This movie is preposterous and awful. There’s no nice way to say it. 10,000 BC is classic Hollywood trash, landing in the traditional dumping ground of March and not even in the braindead blockbuster sense despite the presence of a big budget director — it just plain sucks. Roland Emmerich can normally be relied upon to bring us good, clean family entertainment. With a CV including Stargate (1994), Independence Day (1996), The Patriot (2000) and The Day After Tomorrow (2004) you’d think he could at least have the decency to paste top line CGI and set pieces to even the most far-fetched screenplay for us. Oh no, 10,000 BC is not only light years away from being an accurate history lesson as a period piece, it also wimps out of trying to paper over its failings. It’s just bad.
The very weak excuse for a script sees a remote mountain tribe raided by mysterious warlords who kidnap their children. Among the captives is the beautiful Evolet (Camilla Belle), the loved one of young hunter D’Leh (Steven Strait). As a tribe guided by Earth spirits, their oldest member had warned of the raid and D’Leh, along with seasoned hunter Tic’Tic (Cliff Curtis), set off to discover where the villains came from, discovering new civilizations beyond their own and assembling an army to fight the bad guys along the way.
Whenever the backers sat down to decide whether to green light this movie, they were somehow convinced by the presence of CGI mammoths, a sabre-tooth tiger and giant ostrich beasts along with endless shots of our heroes wandering across landscapes that may as well have been borrowed from The Lord of the Rings trilogy. As a film it works out to be about as complex as a children’s picture book, even though the key special effects sequences featuring the prehistoric animals never live up to expectation and the final battle against a pyramid-building civilisation is more likely to send you to sleep than have you whooping for more. If you think a film called 10,000 BC might be attempting to sell itself on historical accuracy, prepared to be shocked by a clear lack of research. Apparently the animals mention above were all that existed back then and people could happily chat to each other in the same languages despite having never met before. It’s all a bit like the original Star Trek series where aliens bizarrely spoke English most of the time…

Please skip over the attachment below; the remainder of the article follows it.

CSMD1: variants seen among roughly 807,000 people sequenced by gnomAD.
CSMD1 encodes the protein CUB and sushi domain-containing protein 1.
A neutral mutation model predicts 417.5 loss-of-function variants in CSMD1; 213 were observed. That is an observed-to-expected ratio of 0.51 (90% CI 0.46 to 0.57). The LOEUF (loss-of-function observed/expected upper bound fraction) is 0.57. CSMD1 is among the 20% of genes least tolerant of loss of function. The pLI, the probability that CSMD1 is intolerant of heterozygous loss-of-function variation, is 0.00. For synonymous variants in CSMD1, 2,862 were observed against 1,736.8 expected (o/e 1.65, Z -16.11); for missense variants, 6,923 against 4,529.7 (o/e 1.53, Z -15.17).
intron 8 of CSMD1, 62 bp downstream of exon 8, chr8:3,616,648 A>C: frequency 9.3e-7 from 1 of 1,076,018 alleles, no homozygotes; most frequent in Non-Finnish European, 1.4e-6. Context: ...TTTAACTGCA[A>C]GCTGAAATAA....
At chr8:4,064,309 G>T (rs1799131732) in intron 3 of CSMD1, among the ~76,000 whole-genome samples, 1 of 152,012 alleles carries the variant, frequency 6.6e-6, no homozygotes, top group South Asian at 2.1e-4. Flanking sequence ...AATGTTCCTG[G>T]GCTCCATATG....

There’s not one jaw-dropping moment.
When thinking about Emmerich’s long line of action blockbusters, only one really springs to mind as comparable to 10,000 BC: his terrible American remake of Godzilla (1998). Then it was Matthew Broderick and Jean Reno, both reasonable character actors, who floundered around the never-ending special effects in a real chore of a film to sit through. Here, the actors are lucky if they speak a line before another sequence of them walking over hills and mountains or through fields and forests interjects. Either that, or some CGI animals are needed to distract us from the inane task of walking from a snow-swept remote camp to the pyramids. Apparently back in the day this was do-able in about a week and you could amass an army of thousands en route too. Nice.
It’s no wonder there are no real “stars” who have put their name to this trash and Emmerich’s name alone is being used to sell the movie — he’s the only one foolish enough to agree to have a hand in it. If he had managed to capture an image as memorable as the White House being destroyed or a tidal wave obliterating New York he may have saved his reputation; sadly there’s not one jaw-dropping moment.
10,000 BC gets one star because somehow I inexplicably walked out of the cinema with a smile on my face. Hilariously terrible, I couldn’t stop smirking at how laughable the whole experience was. I guess that’s a kind of recommendation — a one star recommendation.